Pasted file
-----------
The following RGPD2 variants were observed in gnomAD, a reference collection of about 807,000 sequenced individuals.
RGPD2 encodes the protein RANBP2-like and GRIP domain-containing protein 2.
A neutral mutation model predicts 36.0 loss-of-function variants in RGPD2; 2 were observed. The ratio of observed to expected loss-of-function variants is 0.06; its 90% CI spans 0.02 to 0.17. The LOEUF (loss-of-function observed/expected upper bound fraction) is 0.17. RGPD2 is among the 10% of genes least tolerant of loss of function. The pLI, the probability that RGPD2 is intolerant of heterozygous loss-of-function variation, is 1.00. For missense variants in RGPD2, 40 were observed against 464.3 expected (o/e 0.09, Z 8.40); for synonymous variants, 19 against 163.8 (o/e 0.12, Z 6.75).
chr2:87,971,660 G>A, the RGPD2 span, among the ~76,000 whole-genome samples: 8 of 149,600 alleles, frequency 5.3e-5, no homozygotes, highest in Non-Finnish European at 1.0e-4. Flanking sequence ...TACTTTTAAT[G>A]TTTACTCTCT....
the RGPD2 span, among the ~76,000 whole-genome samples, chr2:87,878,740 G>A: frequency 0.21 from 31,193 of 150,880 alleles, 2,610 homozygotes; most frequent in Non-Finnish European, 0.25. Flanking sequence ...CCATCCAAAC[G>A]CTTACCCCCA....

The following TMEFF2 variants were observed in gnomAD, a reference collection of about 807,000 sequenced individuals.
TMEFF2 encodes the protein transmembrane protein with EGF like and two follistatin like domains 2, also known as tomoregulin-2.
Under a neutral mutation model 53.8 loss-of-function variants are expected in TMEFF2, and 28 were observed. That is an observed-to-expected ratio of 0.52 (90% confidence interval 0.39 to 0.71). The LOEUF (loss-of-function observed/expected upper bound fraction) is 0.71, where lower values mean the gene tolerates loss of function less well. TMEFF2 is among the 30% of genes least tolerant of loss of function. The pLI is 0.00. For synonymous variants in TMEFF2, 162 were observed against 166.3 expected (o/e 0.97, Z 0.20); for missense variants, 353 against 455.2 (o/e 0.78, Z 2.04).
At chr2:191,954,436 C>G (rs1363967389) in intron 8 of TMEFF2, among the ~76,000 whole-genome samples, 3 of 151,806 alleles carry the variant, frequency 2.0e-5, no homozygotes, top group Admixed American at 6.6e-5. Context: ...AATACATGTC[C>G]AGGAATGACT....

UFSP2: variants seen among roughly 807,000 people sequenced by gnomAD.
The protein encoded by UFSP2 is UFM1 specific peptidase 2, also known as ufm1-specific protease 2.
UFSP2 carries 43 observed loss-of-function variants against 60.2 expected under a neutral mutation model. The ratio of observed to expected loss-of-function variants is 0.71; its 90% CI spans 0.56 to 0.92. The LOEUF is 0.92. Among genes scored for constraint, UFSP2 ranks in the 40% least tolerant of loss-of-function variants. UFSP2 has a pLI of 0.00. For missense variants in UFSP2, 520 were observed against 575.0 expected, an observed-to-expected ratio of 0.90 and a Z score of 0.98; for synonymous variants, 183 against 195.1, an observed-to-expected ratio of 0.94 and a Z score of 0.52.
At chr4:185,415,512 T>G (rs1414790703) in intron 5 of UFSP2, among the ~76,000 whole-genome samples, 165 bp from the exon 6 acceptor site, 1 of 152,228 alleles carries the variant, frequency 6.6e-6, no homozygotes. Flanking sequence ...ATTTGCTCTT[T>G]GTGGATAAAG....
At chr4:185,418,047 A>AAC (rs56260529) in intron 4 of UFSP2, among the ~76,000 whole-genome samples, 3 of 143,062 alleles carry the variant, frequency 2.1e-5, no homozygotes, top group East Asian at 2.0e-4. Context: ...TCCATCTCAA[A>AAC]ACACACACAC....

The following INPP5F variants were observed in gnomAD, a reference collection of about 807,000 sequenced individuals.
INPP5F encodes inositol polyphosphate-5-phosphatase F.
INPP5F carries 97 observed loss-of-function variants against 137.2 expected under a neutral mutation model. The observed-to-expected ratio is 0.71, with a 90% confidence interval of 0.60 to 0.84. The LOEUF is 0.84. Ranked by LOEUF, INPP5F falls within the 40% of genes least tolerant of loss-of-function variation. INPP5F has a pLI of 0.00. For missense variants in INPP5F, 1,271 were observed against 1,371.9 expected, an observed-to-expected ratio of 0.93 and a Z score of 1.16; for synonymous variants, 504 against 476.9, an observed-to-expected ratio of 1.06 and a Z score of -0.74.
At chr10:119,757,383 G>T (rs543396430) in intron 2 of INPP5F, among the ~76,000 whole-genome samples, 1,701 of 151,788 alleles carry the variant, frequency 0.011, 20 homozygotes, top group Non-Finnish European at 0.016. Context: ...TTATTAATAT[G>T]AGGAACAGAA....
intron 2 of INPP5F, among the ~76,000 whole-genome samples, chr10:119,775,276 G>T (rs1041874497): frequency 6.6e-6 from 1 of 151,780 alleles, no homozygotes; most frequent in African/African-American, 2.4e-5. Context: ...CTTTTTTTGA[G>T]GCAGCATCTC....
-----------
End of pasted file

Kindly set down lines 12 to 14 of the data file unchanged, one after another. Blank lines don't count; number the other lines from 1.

UFSP2 carries 43 observed loss-of-function variants against 60.2 expected under a neutral mutation model. The ratio of observed to expected loss-of-function variants is 0.71; its 90% CI spans 0.56 to 0.92. The LOEUF is 0.92. Among genes scored for constraint, UFSP2 ranks in the 40% least tolerant of loss-of-function variants. UFSP2 has a pLI of 0.00. For missense variants in UFSP2, 520 were observed against 575.0 expected, an observed-to-expected ratio of 0.90 and a Z score of 0.98; for synonymous variants, 183 against 195.1, an observed-to-expected ratio of 0.94 and a Z score of 0.52.
At chr4:185,415,512 T>G (rs1414790703) in intron 5 of UFSP2, among the ~76,000 whole-genome samples, 165 bp from the exon 6 acceptor site, 1 of 152,228 alleles carries the variant, frequency 6.6e-6, no homozygotes. Flanking sequence ...ATTTGCTCTT[T>G]GTGGATAAAG....
At chr4:185,418,047 A>AAC (rs56260529) in intron 4 of UFSP2, among the ~76,000 whole-genome samples, 3 of 143,062 alleles carry the variant, frequency 2.1e-5, no homozygotes, top group East Asian at 2.0e-4. Context: ...TCCATCTCAA[A>AAC]ACACACACAC....